“The program in effect eliminated the cumbersome category of ‘civilian’; it gave the GVN, and initially the American troops as well, license and justification for the arrest, torture, or killing of anyone in the country, whether or not the person was carrying a gun. And many officials took advantage of that license. Some of the district and province chiefs engaged in systematic extortion rackets, arresting the rich of their districts twice and three times a year. Other officers settled their old scores or terrorized their fellow officers. The Phoenix program permitted them to indulge in all the practices classical to an irresponsible secret police.”

      The irony of the eternal Phoenix program, then and now (under whatever euphemism the U.S. military applies to it today), comes from the fact that no matter how many times it resurrects itself and fails, the more appealing it becomes to the “military mind,” or at least the American version of that oxymoronic concept.

  2. Regarding the phrase, “Westmoreland’s choice,” in the poem’s introductory stanza, I had in mind something that I had read back in 1972-73 when, as a foreign exchange student in Taiwan, a professor in my Sino-American Relations course asked me to write a paper comparing and contrasting the American military intervention in the Chinese Civil War of 1945-1949 and the American military intervention in the post-WWII Vietnamese wars of national independence: first in supporting the French attempt at reconquest (1945-1954) and then directly (1954-1973). Specifically, from one of my principal sources, Fire in the Lake: the Vietnamese and the Americans in Vietnam (1972), by Frances FitzGerald:

    “Up until now, [Westmoreland said in 1965], the war has been characterized by a substantial majority of the population remaining neutral. … In the past year we have seen an escalation to a higher level of intensity in the war. This will bring about a moment of decision for the peasant farmer. He will have to choose if he stays alive [emphasis added]. Until now the peasant farmer has had three alternatives: he could stay put and follow his natural instinct to stay close to the land, living beside the graves of his ancestors. He could move to an area under government control. Or he could join the VC.”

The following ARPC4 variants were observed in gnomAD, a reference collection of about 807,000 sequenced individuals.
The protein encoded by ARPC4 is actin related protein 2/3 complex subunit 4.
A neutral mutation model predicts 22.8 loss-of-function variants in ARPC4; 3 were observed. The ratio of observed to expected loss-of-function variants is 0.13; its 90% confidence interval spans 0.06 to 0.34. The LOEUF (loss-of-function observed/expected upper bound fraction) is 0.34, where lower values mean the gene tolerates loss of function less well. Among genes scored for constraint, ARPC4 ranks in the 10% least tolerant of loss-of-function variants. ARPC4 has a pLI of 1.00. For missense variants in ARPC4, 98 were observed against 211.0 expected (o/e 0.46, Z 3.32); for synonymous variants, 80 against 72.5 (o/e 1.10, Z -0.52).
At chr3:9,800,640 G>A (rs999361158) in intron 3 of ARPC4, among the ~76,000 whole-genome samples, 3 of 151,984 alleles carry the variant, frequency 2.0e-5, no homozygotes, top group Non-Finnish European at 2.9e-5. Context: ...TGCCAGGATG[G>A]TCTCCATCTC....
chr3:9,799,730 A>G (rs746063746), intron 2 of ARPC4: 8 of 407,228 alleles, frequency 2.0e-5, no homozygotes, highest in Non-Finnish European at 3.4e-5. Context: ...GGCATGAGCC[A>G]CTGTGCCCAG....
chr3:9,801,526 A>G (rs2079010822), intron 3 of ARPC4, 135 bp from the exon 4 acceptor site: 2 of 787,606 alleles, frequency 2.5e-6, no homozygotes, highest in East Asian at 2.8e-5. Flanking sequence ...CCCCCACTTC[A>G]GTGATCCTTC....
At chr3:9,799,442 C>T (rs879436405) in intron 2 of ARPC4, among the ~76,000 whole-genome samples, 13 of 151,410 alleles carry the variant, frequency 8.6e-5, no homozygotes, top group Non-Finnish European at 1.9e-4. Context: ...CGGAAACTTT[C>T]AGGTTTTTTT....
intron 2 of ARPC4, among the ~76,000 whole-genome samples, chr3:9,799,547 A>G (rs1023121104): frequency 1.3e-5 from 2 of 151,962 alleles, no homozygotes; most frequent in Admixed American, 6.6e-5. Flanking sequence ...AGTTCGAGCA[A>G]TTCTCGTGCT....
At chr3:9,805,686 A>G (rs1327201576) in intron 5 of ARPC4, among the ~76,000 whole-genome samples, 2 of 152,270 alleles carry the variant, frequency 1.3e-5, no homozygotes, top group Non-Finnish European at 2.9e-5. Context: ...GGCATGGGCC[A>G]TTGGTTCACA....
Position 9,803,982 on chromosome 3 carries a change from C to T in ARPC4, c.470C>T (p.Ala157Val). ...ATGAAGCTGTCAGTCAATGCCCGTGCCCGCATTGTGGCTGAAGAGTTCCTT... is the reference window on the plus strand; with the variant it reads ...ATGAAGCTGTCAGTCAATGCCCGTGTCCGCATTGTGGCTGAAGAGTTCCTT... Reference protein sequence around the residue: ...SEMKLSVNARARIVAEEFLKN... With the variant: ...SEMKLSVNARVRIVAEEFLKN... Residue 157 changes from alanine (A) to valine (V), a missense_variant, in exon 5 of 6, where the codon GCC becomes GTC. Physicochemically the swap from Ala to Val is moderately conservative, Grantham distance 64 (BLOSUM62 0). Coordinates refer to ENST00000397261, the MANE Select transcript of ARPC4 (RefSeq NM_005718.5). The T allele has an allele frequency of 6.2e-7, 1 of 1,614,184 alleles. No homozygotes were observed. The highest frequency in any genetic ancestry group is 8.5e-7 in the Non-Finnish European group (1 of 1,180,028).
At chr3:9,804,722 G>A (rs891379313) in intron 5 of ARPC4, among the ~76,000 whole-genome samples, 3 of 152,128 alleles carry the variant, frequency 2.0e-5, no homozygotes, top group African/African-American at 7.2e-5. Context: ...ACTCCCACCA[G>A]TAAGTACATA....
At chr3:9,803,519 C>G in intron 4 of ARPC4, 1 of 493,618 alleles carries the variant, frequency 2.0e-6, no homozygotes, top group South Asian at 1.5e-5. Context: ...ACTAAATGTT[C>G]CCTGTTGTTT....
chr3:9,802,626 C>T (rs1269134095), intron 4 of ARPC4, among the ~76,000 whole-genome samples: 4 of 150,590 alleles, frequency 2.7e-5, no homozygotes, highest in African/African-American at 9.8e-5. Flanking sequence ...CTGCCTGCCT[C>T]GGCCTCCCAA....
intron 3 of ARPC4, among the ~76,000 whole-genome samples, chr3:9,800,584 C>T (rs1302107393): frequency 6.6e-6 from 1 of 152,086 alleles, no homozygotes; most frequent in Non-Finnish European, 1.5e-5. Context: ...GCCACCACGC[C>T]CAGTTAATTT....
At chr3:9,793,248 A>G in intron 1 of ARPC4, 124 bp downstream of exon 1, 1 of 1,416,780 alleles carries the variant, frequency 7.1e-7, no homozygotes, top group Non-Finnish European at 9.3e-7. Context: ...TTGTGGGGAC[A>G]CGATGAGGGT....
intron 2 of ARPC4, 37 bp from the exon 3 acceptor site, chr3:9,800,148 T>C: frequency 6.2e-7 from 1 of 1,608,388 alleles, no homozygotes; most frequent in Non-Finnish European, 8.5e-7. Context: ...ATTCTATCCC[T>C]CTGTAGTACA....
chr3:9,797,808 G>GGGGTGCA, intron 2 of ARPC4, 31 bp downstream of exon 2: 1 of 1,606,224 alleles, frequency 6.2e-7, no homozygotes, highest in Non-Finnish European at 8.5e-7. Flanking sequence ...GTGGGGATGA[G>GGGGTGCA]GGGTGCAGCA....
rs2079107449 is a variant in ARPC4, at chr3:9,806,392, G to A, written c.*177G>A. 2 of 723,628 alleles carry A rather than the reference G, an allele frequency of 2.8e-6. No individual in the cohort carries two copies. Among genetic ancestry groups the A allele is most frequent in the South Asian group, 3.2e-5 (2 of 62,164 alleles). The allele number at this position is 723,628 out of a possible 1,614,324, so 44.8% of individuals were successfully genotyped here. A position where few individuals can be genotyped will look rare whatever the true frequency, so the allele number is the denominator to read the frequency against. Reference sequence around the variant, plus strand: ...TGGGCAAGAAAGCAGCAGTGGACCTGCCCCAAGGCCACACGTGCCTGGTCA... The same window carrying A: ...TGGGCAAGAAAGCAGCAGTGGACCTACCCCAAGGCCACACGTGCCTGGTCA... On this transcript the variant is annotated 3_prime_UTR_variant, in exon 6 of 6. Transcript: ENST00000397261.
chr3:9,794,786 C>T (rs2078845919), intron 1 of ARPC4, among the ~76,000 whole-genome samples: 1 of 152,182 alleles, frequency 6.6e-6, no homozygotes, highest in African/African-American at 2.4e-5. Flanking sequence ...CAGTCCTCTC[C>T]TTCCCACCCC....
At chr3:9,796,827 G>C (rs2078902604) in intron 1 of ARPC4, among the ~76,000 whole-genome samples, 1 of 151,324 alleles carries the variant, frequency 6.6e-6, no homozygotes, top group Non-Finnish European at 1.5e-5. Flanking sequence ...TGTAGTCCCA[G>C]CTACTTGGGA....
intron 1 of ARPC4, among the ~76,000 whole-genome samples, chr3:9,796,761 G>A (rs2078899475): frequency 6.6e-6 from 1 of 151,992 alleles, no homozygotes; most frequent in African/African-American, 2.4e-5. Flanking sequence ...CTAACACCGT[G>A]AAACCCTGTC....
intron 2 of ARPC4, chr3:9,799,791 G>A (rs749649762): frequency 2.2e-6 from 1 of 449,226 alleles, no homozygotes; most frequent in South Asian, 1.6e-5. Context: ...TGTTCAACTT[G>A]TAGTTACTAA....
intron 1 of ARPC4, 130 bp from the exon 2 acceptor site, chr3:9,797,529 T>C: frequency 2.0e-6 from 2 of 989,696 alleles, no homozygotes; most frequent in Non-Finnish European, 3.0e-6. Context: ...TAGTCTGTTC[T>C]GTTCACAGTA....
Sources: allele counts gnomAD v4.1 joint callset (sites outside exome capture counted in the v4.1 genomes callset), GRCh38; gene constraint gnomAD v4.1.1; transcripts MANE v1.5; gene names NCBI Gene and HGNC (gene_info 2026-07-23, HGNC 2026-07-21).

A journalist then asked General Westmoreland: “Doesn’t that give the villager only the choice of becoming a refugee?” To which Westmoreland replied. “I expect a tremendous increase in the number of refugees.”

    The U.S. military under General Westmoreland’s “leadership” implemented a deliberate policy of driving vast numbers of Vietnamese peasants off their land and into stinking slums on the outskirts of provincial towns and cities ostensibly under the “control” of the inept and corrupt Saigon government. General Westmoreland had given them a “choice,” you see:

    To stay and die or else to live and flee:
    Westmoreland’s choice to those who “value life”
    Less than we value ours while taking theirs.”

    When my professor in Taiwan asked me to sum up the conclusions I had drawn from my paper, I quoted the final line of Barbara Tuchman’s book Stillwell and the American Experience in China:

    In the end, China went her own way as if the Americans had never come.”

    To which I added, “And history will say the same of the Americans in Vietnam.” Today, over forty years later, I would add: “Ditto for Iraq and Afghanistan and Syria and …”

    So much for Westmoreland’s Choice. I hope that this helps explain what I meant by the phrase.